Antiretroviral medications are expensive, and many people cannot pay for them out of pocket. If you are a healthcare worker who was exposed to HIV on the job, your workplace health insurance or workers’ compensation will usually pay for oPEP. If you are prescribed nPEP after sexual assault, you may qualify for partial or total reimbursement for medications and clinical care costs through the Office for Victims of Crime funded by the U.S. Department of Justice (see the contact information for each state). If you are prescribed nPEP for another reason, and you cannot get insurance coverage (private, employer-based, Medicaid, or Medicare), your healthcare provider can help you apply for free antiretroviral medications through the patient assistance programs of the drug manufacturers. Online applications can be faxed to the company, or some companies have special phone lines. These can be handled urgently in many cases to avoid delay in accessing medication. See information for specific medications and manufacturers.

As with many other conditions, early detection offers more options for treatment. The Stanford Positive Care Clinic offers pre-exposure prophylaxis (PEP)

What Is Pre-Exposure Prophylaxis?

PrEP stands for Pre-exposure prophylaxis. Prophylaxis means disease prevention. PrEP is a new HIV prevention option for HIV-negative individuals to reduce their risk of HIV infection. PrEP for HIV prevention is the use of antiretroviral medications (ARVs) by HIV-negative individuals to reduce risk. Large research studies showed that PrEP could help prevent new HIV infections when used by people at high risk of getting HIV.

The only good facts on PrEP are based on using the combination pill Truvada (see Fact Sheet 421) taken once a day. There is not enough information on any other dosing or other medications. We don't yet know if other drugs or dose timing (like a few times a week instead of every day) might also be a good way to reduce risk of HIV.

Truvada as PrEP was studied in people who were at high risk of HIV infection. HIV-negative men who have sex with men, transgender women, and heterosexuals at high risk were studied. Results in these studies have varied, Major studies showed that daily Truvada as PrEP can reduce risk of infection between 44% and 90%. The studies showed that PrEP worked best for people who took the medication every day.

How Is PrEP Taken?

PrEP is currently one tablet of Truvada daily. It can be taken with food, or between meals.There is research ongoing to look at other medications for PrEP.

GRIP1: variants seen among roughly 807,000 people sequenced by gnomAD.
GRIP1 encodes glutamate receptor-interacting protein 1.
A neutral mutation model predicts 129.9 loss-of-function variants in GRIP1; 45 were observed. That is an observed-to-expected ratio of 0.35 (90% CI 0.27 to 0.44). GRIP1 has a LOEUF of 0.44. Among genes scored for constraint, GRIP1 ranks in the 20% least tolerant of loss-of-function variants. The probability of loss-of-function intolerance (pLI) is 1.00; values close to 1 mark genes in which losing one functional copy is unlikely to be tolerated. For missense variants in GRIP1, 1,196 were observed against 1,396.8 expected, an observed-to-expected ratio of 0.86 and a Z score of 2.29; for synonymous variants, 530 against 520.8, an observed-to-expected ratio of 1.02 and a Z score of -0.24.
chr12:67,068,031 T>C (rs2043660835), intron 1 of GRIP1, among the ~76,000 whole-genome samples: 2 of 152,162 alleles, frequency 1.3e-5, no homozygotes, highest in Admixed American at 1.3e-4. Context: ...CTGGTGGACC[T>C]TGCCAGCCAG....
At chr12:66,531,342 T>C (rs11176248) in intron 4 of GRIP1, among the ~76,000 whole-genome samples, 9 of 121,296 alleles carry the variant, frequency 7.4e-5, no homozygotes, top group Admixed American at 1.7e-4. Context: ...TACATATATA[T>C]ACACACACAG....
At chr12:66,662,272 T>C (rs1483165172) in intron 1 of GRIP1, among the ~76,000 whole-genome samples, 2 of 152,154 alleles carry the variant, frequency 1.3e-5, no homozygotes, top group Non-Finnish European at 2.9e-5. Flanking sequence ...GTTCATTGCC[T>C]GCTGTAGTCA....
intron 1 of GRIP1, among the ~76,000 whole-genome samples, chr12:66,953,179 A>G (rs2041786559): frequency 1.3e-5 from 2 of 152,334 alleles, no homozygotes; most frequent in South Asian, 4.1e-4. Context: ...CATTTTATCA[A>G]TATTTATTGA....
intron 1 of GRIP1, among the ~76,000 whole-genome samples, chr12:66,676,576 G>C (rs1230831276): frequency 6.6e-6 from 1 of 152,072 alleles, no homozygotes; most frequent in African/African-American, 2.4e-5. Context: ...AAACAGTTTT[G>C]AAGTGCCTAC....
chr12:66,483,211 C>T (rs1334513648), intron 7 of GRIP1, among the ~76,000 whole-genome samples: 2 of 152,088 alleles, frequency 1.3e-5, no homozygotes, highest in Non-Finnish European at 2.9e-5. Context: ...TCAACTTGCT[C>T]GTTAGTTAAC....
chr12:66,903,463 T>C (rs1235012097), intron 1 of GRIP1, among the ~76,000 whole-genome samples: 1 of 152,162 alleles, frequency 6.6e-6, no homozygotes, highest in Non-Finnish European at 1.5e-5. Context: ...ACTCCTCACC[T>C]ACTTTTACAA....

Truvada contains two medications, tenofovir (Viread) and emtricitabine (Emtriva). Truvada is only available with a prescription.

Who Should Use PrEP?

PrEP is more than simply taking HIV pills. The US Centers for Disease Control and Prevention (CDC) has issued guidelines for the use of PrEP. One set of guidelines is for men who have sex with men. Another is for heterosexuals.

How Should People Using PrEP Be Monitored?

The CDC guidelines recommend that people taking PrEP be seen every 2-3 months in order to:

What Are the Likely Side Effects?

The most common side effects seen in the studies of Truvada as PrEP include headache, nausea, vomiting, rash and loss of appetite. In some people, tenofovir can increase creatinine and transaminases. These are enzymes related to the kidneys and liver. High levels can indicate damage to these organs. Long-term use of tenofovir can damage the kidneys.

Tenofovir can reduce bone mineral density (see Fact Sheet 557). Calcium or vitamin D supplements may be helpful. This is especially true for people with osteopenia or osteoporosis.

Levels of lactic acid in the blood (lactic acidosis, see Fact Sheet 556) increase in some people taking tenofovir and emtricitabine. Liver problems including "fatty liver" may also occur.

In rare cases, people taking emtricitabine had some temporary changes in skin color.

Does PrEP Have Risks?

People with HIV have used Truvada, tenofovir and emtricitabine, for several years. They are generally easy to take. Possible long-term side effects include loss of bone mineral density and kidney damage.

Some people worry that people taking PrEP might think they are totally protected. They might be less careful about their sexual behavior. So far, this does not appear to be true.

The Bottom Line

Pre-exposure prophylaxis (PrEP) is the use of the antiretroviral medication Truvada before exposure to HIV, to reduce the risk of HIV infection. When Truvada as PrEP is used correctly and consistently, it can reduce the rate of HIV infection by sexual activity by as much as 90%.

The benefits of PrEP are potentially very high for reducing new HIV infections in people who recognize their risk of infection and can take Truvada to protect themselves. Some people fear PrEP may encourage unsafe behaviors, but this has not been seen.

Source: http://www.thebody.com/content/68979/treatment-to-prevent-hiv-infection-prep.html